Widening effect of N.Y.C. scandal. City and county officials find themselves under greater scrutiny

By , Staff writer of The Christian Science Monitor

Though other issues, both local and international, have bumped New York City's corruption scandal off page one of the city newspapers recently, its effect has been profound, both in how the public perceives government and how local government is being run. The wheels set in motion early this year, when evidence of scandal in the city's political and governmental circles surfaced, are moving steadily on. The charges have centered on bribery and fraud in the city's Parking Violations Bureau, but the repercussions have rippled farther than the PVB, affecting top city officials (a number of whom have resigned in the scandal's wake), the office of New York City Mayor Edward I. Koch, and county political organizations.

Each of the key ``players'' in the continuing drama -- federal and local judicial investigators, the press, politicians, and a commission studying ways to deter corruption -- have been busy. Among the recent developments:

Jay L. Turoff, former head of the city's taxi and limousine department, was indicted yesterday on mail and tax fraud.

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Federal prosecutors tentatively agreed to move the coming trial of Bronx Democratic leader Stanley M. Friedman out of state. Defense lawyers had argued that widespread news coverage in the New York City area of the corruption scandal could affect a fair trial. Mr. Friedman and five business associates face charges of bribery, forgery, and coercion.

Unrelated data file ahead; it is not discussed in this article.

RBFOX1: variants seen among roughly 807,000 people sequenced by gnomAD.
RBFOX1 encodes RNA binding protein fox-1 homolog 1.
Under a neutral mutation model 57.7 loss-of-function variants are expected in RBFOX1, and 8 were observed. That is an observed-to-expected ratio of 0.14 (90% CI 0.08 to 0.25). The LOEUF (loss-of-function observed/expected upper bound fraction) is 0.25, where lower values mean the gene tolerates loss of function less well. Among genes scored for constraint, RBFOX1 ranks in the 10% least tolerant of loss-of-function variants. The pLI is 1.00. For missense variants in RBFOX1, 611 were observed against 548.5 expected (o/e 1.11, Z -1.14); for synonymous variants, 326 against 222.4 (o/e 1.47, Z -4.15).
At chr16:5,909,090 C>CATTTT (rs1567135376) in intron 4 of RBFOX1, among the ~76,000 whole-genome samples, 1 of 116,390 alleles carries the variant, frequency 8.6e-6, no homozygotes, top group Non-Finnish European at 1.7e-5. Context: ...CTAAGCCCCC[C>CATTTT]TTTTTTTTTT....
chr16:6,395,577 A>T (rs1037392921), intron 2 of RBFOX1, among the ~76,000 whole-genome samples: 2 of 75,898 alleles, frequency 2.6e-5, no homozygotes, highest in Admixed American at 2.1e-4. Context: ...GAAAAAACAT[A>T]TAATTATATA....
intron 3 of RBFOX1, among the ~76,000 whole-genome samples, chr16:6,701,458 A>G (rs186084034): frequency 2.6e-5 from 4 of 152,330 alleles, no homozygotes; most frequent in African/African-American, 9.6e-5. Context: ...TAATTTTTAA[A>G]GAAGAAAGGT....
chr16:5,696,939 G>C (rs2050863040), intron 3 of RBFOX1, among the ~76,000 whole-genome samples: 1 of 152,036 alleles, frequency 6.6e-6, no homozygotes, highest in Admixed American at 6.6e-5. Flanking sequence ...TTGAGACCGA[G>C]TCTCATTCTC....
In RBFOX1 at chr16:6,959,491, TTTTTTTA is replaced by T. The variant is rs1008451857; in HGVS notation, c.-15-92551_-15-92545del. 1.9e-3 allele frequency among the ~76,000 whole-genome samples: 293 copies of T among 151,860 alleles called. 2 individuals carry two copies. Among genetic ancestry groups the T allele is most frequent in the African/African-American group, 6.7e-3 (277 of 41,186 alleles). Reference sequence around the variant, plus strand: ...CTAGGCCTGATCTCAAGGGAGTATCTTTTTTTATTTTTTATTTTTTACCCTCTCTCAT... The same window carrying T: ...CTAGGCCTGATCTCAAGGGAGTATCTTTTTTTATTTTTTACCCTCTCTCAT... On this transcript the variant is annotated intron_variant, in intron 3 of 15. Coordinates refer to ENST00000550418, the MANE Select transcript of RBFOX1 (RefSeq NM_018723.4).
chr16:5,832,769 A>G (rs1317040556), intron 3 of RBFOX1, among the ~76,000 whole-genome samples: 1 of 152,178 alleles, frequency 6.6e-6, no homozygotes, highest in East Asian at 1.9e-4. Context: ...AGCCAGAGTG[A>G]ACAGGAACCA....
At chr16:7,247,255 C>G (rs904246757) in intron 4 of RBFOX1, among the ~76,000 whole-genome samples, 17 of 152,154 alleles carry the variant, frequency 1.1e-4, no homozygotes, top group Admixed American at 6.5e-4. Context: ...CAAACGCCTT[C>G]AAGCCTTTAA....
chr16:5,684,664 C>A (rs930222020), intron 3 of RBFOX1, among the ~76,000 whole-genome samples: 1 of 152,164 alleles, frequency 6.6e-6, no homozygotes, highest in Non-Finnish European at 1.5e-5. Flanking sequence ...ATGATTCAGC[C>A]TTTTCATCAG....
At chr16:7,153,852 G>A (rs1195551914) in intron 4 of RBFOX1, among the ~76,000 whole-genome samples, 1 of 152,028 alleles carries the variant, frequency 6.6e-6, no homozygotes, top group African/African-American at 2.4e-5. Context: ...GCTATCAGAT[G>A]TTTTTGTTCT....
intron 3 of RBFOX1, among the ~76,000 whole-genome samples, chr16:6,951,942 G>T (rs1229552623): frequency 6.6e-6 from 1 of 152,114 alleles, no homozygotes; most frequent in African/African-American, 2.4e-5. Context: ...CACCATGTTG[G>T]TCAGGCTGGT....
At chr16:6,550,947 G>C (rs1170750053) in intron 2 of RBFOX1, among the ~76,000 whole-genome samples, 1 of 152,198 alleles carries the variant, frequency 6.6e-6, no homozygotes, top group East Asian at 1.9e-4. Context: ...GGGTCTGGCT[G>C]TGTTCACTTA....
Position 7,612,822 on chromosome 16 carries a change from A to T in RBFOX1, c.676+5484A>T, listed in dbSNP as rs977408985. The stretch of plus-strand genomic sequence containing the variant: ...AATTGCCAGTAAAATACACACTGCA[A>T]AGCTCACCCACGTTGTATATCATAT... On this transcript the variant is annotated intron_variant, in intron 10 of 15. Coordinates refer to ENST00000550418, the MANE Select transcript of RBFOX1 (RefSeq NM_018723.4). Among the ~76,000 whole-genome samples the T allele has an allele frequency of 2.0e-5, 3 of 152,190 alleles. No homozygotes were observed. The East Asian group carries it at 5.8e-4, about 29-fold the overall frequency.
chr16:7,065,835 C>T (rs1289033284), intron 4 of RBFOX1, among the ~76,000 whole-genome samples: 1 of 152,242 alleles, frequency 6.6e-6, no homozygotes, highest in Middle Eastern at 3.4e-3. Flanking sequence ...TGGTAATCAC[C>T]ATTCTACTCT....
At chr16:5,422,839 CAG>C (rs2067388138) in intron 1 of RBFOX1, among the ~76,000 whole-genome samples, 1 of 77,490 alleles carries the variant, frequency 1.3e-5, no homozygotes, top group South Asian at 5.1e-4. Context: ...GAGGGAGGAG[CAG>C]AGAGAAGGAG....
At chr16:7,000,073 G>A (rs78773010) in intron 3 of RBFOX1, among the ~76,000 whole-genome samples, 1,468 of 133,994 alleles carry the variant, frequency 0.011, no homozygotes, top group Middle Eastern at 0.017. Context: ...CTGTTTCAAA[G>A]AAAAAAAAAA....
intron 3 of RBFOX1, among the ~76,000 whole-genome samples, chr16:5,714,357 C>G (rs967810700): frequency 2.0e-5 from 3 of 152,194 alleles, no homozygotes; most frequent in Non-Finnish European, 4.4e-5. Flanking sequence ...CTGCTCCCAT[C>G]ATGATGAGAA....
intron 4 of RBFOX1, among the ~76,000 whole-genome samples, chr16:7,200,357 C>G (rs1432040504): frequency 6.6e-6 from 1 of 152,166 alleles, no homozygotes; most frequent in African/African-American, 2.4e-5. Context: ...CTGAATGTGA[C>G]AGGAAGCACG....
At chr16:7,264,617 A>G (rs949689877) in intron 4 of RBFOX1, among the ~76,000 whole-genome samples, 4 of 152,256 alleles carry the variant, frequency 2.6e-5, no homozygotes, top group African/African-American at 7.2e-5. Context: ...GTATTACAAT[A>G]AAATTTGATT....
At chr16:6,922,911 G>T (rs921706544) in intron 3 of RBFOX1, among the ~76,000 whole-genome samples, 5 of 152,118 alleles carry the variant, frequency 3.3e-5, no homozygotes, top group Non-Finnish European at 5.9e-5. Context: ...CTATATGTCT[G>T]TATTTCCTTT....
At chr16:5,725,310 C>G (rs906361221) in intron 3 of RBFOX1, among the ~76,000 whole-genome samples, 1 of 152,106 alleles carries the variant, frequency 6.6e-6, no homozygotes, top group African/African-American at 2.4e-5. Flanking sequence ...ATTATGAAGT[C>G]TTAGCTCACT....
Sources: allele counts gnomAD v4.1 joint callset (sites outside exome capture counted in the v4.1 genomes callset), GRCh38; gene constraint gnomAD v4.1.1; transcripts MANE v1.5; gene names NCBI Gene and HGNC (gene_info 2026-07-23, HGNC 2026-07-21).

Court documents released Monday in the PVB case indicate that defense lawyers may call into question the key government witness, former deputy director of the PVB Geoffrey G. Lindenauer, because of his ``mental state.'' According to an edited version of a court hearing June 2, released at the request of the Associated Press, Friedman lawyer Thomas Puccio told the judge, ``We have received information that [Lindenauer] has undergone a nervous breakdown at one point in recent memory. We believe that we are entitled, possibly, to ask for him to be examined.''

At City Hall, continuing scandal has exhausted and exasperated those involved with the daily running of the city. Press attention to potential trouble spots is intense. One employee tells of going over his r'esum'e carefully to make sure there was nothing that could be misconstrued, and making sure all parking tickets were paid up.

Such scrutiny caught up Victor E. Botnick, a close friend and adviser to Mayor Koch and chairman of the city's Health and Hospitals Corporation. Mr. Botnick had repeatedly misrepresented his educational credentials while in city government, telling reporters that he had graduated from college and had been offered admission to a medical school. In fact, Mr. Botnick never graduated from college, although he did attend.

Botnick admitted his error, but Koch refused his resignation and said he would give his adviser another chance. The mayor ordered him to perform 30 days of public service as penance.

This drama has also affected the way New Yorkers view their normally irrepressible mayor. A Daily News poll last week shows the mayor's popularity is at its lowest level since the scandal began, with a 10 point drop since February. The poll also shows that 44 percent of all New Yorkers disapprove of the way Koch is handling the investigations of alleged corruption in city government.

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